PITTSBURGH – The propensity of Washington County Court of Common Pleas judges to allow defendants to perform community service instead of paying fines and other penalties has cost State and County 1, $ 56 million in recent years, a state audit found.
State Auditor General Timothy DeFoor released his findings on Friday showing the loss of potential revenue for 2016 and 2019 – including $ 513,178 that could have been paid to the state for various victim services and policing programs – but noted that there was no evidence that he had been hijacked or stolen.
The county clerk’s office audit looked at the same four-year period in which its former boss, Frank Scandal, stole more than $ 97,000 from the office, but DeFoor said his findings had nothing to do with see with the administration of the row office. himself. Instead, he blamed the practice of allowing “alternative sentencing programs” for those convicted of crimes to perform community service or get credit for a jail term rather than paying the fines. court costs, fees and other charges.
DeFoor said the ability for judges to waive these payments was “effectively underestimating the taxpayer” of funds used for various state and county programs. The audit found 3,420 cases of adjustments in the county over the four-year period.
“This is important because the funds paid by the accused support services for victims, such as domestic violence programs and law enforcement training statewide,” DeFoor said at a conference. press release in Pittsburgh. “Now, being a former law enforcement officer, I certainly understand the value and I know the value of alternative sentencing programs. However, these programs must operate within the framework of the law.
The audit found no instances of favoritism or criminality within the program, DeFoor said, but he believes the community service option should only be reserved for those who don’t have the money for it. pay.
“There is absolutely nothing wrong with alternative community service sentences,” DeFoor said. “It’s almost reserved for people in need and who cannot afford to pay in this situation. But there is also a process in which it has to take place, a hearing to determine someone’s eligibility for this program, has to take place in front of a job. This process never took place and this process was ignored.
Representatives for Presiding Judge John DiSalle and receiver Patrick Grimm referred all questions about the audit to the Pennsylvania Courts Administration Office, which oversees the state’s judicial system.
The APOC issued a scathing rebuke of the Auditor General’s report on Friday night, saying it “provided an incomplete and distorted picture of the community service program” that has operated in Washington County for the past 25 years. The statement said the program for sentencing indigent defendants to community service to “pay off” their fines and court costs is in accordance with state law.
“In the past three years alone, this program has provided services valued at nearly $ 600,000, representing more than 82,000 hours of work in public buildings, parks, churches and other non-profit organizations. profit located only in Washington County, “the statement said. “When defendants are found indigent, this program allows community service to compensate for fines and costs that would otherwise not be recovered. “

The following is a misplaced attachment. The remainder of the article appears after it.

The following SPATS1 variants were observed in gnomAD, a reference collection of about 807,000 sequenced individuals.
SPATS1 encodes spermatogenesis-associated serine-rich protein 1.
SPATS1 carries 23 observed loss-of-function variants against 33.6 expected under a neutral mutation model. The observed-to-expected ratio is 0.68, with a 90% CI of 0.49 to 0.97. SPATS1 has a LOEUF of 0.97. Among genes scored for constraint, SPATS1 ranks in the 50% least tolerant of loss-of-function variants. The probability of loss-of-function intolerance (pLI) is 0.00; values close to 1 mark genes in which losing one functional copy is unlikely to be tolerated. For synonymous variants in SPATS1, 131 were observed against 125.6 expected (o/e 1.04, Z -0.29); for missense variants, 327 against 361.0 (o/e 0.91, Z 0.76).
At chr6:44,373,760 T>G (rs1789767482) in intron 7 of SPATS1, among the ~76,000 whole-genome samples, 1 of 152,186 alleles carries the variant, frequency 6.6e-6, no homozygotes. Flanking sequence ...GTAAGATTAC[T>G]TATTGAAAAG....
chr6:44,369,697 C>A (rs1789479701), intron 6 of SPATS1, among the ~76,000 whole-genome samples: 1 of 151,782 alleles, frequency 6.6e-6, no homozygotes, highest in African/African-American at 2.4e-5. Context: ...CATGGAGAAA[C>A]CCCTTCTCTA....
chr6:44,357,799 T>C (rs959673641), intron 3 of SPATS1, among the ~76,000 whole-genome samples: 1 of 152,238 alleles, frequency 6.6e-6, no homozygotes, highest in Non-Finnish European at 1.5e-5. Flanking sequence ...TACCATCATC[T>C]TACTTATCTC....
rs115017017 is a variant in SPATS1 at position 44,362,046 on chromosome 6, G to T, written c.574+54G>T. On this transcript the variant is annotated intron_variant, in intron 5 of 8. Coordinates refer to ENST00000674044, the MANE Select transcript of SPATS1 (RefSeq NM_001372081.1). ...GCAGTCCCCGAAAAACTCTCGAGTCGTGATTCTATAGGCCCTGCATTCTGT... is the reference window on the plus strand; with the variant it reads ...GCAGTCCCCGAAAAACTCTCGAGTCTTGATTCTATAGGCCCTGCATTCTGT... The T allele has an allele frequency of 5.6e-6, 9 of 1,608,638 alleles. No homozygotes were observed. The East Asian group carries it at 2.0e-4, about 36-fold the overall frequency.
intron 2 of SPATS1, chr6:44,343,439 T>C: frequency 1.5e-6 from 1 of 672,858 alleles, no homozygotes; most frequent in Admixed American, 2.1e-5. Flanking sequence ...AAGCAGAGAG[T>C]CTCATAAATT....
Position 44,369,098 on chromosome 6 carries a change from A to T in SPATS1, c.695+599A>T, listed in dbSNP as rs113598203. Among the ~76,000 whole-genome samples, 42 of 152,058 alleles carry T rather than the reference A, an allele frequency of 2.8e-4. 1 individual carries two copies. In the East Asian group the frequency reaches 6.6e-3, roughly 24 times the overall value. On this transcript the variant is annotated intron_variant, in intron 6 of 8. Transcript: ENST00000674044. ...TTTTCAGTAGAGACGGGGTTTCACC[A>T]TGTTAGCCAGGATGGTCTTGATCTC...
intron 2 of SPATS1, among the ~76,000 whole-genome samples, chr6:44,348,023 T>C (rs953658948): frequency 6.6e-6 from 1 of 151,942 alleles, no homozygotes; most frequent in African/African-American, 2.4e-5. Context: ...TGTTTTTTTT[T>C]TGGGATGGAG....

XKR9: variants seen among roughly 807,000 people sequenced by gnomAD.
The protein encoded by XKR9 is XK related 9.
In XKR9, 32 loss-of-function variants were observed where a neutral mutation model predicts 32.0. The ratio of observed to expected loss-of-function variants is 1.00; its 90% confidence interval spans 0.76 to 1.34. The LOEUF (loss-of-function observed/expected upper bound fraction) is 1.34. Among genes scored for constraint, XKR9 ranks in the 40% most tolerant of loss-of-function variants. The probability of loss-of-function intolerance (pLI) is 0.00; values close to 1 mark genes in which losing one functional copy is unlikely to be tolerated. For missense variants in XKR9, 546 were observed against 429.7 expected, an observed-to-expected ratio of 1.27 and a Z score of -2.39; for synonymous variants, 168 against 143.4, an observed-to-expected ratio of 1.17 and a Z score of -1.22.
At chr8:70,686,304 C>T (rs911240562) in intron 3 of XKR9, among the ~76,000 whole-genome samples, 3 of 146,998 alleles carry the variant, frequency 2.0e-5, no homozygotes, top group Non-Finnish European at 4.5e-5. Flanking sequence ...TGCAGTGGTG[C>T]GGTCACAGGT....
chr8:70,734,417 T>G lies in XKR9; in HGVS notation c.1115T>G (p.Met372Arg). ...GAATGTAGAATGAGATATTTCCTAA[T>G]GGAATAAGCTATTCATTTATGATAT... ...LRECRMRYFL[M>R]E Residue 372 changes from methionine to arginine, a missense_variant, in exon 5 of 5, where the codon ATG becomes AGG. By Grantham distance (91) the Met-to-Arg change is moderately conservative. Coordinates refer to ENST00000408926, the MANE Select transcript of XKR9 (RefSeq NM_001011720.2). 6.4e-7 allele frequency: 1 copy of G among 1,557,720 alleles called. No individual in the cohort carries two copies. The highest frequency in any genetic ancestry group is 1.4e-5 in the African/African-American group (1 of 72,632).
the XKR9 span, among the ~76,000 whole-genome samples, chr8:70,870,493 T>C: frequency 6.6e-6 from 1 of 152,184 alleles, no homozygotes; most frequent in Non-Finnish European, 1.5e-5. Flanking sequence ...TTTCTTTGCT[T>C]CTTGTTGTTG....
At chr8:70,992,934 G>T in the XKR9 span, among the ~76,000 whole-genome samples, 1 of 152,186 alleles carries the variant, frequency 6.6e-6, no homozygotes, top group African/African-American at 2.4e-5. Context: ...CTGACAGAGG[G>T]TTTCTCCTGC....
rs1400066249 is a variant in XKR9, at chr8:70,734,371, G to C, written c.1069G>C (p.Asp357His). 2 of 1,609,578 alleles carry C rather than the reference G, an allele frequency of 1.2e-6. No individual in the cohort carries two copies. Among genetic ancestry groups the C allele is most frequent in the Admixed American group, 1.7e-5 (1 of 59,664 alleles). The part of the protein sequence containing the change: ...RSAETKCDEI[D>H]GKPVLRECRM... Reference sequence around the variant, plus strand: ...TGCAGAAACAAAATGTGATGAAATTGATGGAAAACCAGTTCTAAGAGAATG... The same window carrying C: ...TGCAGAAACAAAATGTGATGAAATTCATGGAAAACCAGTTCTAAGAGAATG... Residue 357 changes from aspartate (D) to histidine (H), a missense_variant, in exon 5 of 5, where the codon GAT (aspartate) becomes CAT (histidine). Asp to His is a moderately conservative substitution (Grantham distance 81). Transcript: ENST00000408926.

APOC challenged the Auditor General’s findings and said the report “violated” the court’s power to interpret the law.
“These are win-win community service opportunities that benefit Washington County taxpayers,” the statement said.
DeFoor said his audit team had not spoken to DiSalle or Senior Judge Katherine Emery, who was presiding judge of the courthouse during the audit period before her retirement earlier this year. However, the audit indicated that the alternative sentencing options predated Emery’s tenure as presiding judge when she took office in 2015.
County Commission Chairman Diana Irey Vaughan, who watched a live video of the state auditor’s press conference, said the situation appears to be a difference in legal opinions as to whether the service community-based approach should be a viable option for many criminal defendants passing through justice systems.
“This is a disagreement between the (state) auditor general and the courts,” said Irey Vaughan.
Although the commissioners were not involved in the court process, she praised the county’s community service program and what it has offered over the years.
“The community service program has provided countless hours to our municipalities and non-profit organizations,” said Irey Vaughan.
Meanwhile, DeFoor said his office’s investigation confirmed the results of a separate audit by County Comptroller Michael Namie showing Scandal embezzled around $ 97,000 of office money in 2018 and 2019. Scandal, a Democrat who lost re-election in November 2019 just after the money went missing, pleaded guilty last year to multiple counts and was ordered to pay $ 101,876 in restitution.
DeFoor praised the work of new court clerk Brenda Davis, the Republican who defeated Scandal, for putting “tighter internal controls” in place to prevent similar thefts from happening again in the future . In an emailed statement shortly after the press conference, Davis stressed that the audit covered the period leading up to he took office.
“I run my office in accordance with the laws, rules and regulations governed by the State of Pennsylvania,” said Davis.
DeFoor said it was “possible” that the alternative sentencing program and lower collection numbers continued under Davis, but he did not blame her or the office.
“This lack of collection is not the fault of the clerk of the courts, but current practice prevents the clerk of the courts from remitting funds owed to the state,” he said.